The circus first came to an American town on April 3, 1793, when John Bill Ricketts presented his “unparalleled Equestrian Performance” in Philadelphia.
Ricketts honed his trick-riding skills in London where he was inspired by the enormous success of a circus pioneered by Philip Astley, a former British cavalry officer. Ricketts adopted Astley’s formula of breathtaking stunts on horseback, comedy routines and acrobatics all performed within a 42-foot ring.
With his horse racing at full speed, Ricketts thrilled audiences by leaping from the animal’s back, jumping over a ribbon suspended some 12 feet above the ground and landing on the horse a split second later. He was so well known for dancing a hornpipe on the back of a galloping horse that a fiddle tune called “Ricketts’ Hornpipe” or “Ricketts’ Ride” became part of the folk music lexicon by the early 19th century.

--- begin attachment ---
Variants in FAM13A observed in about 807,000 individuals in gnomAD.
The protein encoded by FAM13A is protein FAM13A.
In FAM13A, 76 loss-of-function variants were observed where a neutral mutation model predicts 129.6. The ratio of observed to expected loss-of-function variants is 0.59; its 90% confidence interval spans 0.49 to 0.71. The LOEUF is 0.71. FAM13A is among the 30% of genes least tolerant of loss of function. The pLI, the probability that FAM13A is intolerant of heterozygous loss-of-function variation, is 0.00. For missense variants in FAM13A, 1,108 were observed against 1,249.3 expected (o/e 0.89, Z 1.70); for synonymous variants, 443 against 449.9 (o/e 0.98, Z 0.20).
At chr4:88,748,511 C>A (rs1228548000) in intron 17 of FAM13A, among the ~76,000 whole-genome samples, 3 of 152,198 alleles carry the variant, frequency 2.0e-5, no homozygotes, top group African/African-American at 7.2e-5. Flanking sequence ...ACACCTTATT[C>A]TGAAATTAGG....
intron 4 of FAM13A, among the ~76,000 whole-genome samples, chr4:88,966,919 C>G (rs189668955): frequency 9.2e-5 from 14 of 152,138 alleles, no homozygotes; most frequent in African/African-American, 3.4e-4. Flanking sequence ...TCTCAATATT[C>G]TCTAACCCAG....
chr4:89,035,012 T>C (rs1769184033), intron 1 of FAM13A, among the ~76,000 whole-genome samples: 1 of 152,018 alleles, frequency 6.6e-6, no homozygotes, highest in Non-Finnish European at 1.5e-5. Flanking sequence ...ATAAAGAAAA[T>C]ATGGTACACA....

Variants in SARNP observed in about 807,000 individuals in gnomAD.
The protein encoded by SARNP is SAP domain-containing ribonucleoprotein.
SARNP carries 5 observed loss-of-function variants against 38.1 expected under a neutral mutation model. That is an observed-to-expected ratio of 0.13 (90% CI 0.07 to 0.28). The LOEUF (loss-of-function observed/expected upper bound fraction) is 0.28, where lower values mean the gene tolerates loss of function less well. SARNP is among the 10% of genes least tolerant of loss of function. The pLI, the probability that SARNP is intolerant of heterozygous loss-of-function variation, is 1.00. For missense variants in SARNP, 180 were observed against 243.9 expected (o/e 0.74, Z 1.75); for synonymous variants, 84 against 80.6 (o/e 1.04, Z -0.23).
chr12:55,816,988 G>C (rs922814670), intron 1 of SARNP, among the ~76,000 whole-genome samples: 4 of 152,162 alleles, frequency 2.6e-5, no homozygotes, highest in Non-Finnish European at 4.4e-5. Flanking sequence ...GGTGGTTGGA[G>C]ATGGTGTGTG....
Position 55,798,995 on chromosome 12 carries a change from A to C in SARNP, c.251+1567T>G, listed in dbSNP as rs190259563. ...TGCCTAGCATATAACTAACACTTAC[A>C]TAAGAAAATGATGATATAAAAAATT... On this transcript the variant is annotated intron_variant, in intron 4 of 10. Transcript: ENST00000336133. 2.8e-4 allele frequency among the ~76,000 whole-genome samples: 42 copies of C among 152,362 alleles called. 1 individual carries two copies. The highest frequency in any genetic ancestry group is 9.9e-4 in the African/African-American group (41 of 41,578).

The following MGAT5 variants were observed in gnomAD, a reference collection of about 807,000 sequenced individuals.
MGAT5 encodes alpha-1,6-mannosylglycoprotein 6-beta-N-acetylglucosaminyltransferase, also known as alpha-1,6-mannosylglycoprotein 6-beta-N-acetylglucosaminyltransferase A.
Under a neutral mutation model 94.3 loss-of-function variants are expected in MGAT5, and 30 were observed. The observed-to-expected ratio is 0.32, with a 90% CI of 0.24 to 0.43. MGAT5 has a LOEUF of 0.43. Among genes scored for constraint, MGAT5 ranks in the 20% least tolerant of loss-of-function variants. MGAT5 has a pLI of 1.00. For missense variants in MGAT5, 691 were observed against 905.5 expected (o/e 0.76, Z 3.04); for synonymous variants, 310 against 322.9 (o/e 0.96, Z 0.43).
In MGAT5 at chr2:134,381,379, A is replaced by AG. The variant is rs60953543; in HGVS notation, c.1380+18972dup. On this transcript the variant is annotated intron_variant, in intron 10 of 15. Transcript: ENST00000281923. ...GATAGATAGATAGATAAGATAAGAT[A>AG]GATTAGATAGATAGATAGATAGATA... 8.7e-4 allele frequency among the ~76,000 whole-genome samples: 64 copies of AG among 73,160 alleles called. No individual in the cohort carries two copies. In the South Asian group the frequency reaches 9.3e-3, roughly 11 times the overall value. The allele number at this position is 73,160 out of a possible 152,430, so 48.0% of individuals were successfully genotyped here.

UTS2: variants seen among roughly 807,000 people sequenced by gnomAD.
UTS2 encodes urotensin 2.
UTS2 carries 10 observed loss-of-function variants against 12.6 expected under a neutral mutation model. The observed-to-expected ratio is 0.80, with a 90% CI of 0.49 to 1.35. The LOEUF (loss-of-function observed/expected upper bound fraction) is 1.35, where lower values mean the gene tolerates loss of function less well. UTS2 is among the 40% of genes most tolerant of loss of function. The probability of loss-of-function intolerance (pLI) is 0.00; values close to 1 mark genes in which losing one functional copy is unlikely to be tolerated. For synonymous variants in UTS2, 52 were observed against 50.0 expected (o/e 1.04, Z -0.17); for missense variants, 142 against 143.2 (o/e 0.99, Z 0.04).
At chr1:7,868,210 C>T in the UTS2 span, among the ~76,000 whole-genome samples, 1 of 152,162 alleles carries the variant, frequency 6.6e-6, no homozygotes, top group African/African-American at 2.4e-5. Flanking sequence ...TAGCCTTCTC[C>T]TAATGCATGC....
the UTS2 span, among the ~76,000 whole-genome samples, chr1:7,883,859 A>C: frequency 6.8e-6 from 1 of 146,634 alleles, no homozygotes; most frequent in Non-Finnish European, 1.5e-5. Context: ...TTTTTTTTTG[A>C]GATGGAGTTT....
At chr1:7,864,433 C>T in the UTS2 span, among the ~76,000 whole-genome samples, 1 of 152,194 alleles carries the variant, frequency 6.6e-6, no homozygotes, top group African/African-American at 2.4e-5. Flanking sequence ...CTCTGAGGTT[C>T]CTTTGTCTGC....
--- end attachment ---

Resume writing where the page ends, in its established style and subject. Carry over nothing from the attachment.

Ricketts had introduced himself to Philadelphia society by opening a riding school in the city in 1792. His well-heeled clientele became the core audience of the circus, which was attended on occasion by President George Washington, himself an able horseman.
The circus toured up and down the East Coast for six years, performing in cities such as New York, Baltimore, Norfolk and Charleston. Ricketts is also credited with introducing the circus to Canada in 1797.
His career ended abruptly when the amphitheaters he’d built in New York and Philadelphia both burned to the ground in 1799. Bankrupt, the showman decided to return to England. His ship was lost at sea in early 1800.
Originally published in the February 2008 issue of American History. To subscribe, click here.